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He refused to euthanize two bear cubs and lost his job. Now some say his court victory has struck a blow against B.C.’s ‘kill culture’

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VANCOUVER—A Vancouver Island conservation officer who defied orders and refused to kill two bear cubs has won a legal fight over his dismissal.

It’s a ruling that shows conservation officers may challenge orders that could result in too many wildlife deaths, a leading animal rights lawyer says.

The B.C. Court of Appeal’s decision, which nullified Bryce Casavant’s firing, strikes a blow against a “kill culture” that has pervaded the province’s conservation service, according to Rebeka Breder, who was one of the first in Canada to specialize in animal law.

Conservation officers in B.C. field thousands of bear reports every year. Often reports present them with a tough decision — to kill the bear, or to not kill the bear.

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According to provincial statistics, the B.C. Conservation Officer Service killed 542 black bears and 26 grizzlies in 2019.

“It took a lot of guts to do what he did. In the bigger picture, the ruling sets a precedent that conservation officers could stand up to supervisors against kill orders when it is appropriate to do so,” Breder told the Star.

Five years ago, Casavant euthanized a mother bear, who had been eating garbage inside a mobile home park in Port Hardy on Vancouver Island.

But he judged that her cubs, who were only about two months old and the “size of two small dogs,” had a chance to be rehabilitated and brought them to a veterinarian instead.

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Wildlife conservation has been his life passion, and Casavant didn’t expect that sparing the cubs would lead to his suspension.

At the time, an online petition calling on B.C. Environment Minister Mary Polak to reinstate Casavant collected tens of thousands of signatures within days of his dismissal.

The case drew international attention, and British comedian Ricky Gervais expressed his support for Casavant on Twitter, saying, “Reinstate this honourable man!”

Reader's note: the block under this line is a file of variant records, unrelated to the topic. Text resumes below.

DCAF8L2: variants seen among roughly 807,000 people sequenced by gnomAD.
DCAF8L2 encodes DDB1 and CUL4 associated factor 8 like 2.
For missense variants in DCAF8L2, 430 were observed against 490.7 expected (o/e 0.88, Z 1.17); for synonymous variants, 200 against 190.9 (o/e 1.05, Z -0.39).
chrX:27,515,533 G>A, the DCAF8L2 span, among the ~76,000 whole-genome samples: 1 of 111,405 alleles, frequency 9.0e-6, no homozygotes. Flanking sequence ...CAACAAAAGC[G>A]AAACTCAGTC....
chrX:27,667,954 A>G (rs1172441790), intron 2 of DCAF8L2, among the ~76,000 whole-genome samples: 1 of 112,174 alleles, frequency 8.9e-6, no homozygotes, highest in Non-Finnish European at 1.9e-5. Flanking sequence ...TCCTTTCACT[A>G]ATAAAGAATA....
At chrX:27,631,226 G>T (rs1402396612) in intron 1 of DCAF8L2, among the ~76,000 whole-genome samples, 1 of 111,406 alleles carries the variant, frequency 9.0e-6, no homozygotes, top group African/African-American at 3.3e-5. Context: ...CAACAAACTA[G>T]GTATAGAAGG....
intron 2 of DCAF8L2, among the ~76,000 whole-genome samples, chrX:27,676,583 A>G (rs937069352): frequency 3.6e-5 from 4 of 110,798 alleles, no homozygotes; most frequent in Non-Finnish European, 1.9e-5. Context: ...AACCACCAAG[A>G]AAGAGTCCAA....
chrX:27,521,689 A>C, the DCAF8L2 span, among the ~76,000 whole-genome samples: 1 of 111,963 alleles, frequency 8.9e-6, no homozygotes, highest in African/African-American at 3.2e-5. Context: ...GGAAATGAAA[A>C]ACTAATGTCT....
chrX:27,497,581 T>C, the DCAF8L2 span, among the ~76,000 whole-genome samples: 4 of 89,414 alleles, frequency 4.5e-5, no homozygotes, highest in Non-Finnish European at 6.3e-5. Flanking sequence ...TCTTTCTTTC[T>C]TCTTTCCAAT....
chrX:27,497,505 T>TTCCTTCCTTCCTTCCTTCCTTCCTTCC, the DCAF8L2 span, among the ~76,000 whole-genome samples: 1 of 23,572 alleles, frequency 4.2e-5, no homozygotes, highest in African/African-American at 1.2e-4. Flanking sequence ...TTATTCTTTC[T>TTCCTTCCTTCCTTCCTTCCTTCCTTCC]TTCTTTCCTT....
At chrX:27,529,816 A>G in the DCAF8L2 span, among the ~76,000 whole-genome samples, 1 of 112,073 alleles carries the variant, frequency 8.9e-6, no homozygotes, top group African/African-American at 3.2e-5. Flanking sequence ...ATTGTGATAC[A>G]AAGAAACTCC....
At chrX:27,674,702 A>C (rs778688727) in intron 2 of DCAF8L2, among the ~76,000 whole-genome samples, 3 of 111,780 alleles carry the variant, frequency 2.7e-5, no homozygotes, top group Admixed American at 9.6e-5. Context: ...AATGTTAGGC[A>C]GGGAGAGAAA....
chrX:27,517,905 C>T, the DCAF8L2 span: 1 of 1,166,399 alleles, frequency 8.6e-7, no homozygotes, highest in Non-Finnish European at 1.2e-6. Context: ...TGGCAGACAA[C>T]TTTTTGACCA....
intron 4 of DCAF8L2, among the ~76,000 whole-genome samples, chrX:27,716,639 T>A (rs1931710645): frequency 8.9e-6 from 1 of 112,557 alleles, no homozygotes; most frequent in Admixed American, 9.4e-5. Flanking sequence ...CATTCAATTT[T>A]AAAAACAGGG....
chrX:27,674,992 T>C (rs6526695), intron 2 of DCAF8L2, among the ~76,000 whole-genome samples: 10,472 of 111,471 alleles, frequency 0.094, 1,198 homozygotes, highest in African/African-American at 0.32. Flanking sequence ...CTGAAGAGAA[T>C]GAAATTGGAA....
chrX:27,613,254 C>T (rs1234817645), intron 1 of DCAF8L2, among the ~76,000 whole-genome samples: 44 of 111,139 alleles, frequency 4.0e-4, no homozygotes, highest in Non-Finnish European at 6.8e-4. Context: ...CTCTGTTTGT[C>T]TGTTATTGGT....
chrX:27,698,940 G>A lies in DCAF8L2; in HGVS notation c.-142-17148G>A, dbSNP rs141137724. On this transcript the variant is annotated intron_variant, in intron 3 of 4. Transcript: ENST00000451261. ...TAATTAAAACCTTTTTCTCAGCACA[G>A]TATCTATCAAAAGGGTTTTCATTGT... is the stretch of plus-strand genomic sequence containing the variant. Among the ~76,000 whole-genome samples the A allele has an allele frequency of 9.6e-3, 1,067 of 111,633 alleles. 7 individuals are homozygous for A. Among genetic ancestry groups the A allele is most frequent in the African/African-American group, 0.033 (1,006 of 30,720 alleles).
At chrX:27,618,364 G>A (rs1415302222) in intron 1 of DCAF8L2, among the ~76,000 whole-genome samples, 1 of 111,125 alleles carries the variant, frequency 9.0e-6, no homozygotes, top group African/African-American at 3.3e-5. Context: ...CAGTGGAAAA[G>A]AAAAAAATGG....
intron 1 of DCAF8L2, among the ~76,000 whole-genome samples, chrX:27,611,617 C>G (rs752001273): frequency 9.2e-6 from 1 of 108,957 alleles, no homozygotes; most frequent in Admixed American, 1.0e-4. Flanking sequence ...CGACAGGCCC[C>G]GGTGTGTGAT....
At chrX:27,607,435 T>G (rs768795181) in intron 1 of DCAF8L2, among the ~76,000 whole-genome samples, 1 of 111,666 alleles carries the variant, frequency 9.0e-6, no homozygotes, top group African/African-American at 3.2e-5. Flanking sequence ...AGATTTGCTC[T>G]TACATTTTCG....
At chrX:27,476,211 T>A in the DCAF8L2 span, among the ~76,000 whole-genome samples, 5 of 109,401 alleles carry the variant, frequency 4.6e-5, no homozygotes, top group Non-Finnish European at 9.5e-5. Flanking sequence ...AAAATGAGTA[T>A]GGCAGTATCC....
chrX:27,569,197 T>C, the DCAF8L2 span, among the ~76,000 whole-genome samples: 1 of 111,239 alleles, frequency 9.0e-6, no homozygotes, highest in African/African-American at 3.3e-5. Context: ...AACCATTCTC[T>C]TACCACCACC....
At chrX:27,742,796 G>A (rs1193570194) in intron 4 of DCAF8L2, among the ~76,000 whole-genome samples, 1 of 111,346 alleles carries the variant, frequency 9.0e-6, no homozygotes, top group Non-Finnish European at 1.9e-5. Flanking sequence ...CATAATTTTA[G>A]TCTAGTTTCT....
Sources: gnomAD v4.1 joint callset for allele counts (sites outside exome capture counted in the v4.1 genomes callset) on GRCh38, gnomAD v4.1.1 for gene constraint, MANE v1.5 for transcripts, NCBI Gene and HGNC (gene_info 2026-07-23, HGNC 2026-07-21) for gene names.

The two cubs, named Jordan and Athena, were later successfully released back into the wild.

Last week, the top court’s three-judge panel stated in its decision, “Mr. Casavant euthanized the sow but not the cubs because he understood, from speaking with the complainant, that only the sow had been eating garbage.”

“Killing the cubs in these circumstances would be inconsistent with ministry policy.”

Upon reading the decision, Casavant said, he cried for 15 minutes.

He called it a tremendous relief and “vindication.”

“It shouldn’t have happened. Legally speaking, my dismissal never happened,” Casavant told the Star on Wednesday.

He had defended himself through much of the court proceedings, where he argued that as a special constable appointed under the Police Act, the decision of discharging his firearm was his to make.

Although the B.C. Supreme Court twice rejected his arguments, the Court of Appeal ultimately agreed with Casavant and said such proceedings fall under the Police Act rather than the collective agreement between his union and the Ministry of Environment.

“The decision basically chastised the government and union, saying conservation officers should be treated fairly and proper procedures should fall under the Police Act,” Breder said.

Casavant said: “A constable has independent discretion. It’s their badge, their service weapon. It’s their individual appointment under the Police Act. They’re more than an employee.”

“I lost my career in environmental law enforcement. It was my identity as a constable for this province, and I took that job and role very seriously.”

“I served the people and the wildlife of this province in good faith and to the best of my abilities. To have that stolen and taken away unlawfully is not OK,” he said.

A Ministry of Environment spokesperson told the Star in an email, “We will be carefully reviewing the decision and will not be commenting any further in the meantime.”

Breder said the case and public discussion around it highlight how the Conservation Officer Service needs to address what she called an issue of declining public trust.

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Last summer, public debate erupted over the appropriate actions of conservation officers in residential neighbourhoods after officers arrested two men and a woman in Coquitlam B.C.. They were charged with obstructing a conservation officer after the residents allegedly stepped between officers and a mother black bear with two cubs.

The resident who was arrested, Tony Faccin, told the Star that he was concerned over his two school-aged children who were playing in the yard while officers were chasing the bears.

Casavant and his lawyer are still reviewing the new court decision, and he has not decided whether to continue working as a conservation officer.

With files from Wanyee Li.

Joanna Chiu is a Vancouver-based reporter covering both Canada-China relations and current affairs on the West Coast for the Star. Follow her on Twitter: @joannachiu

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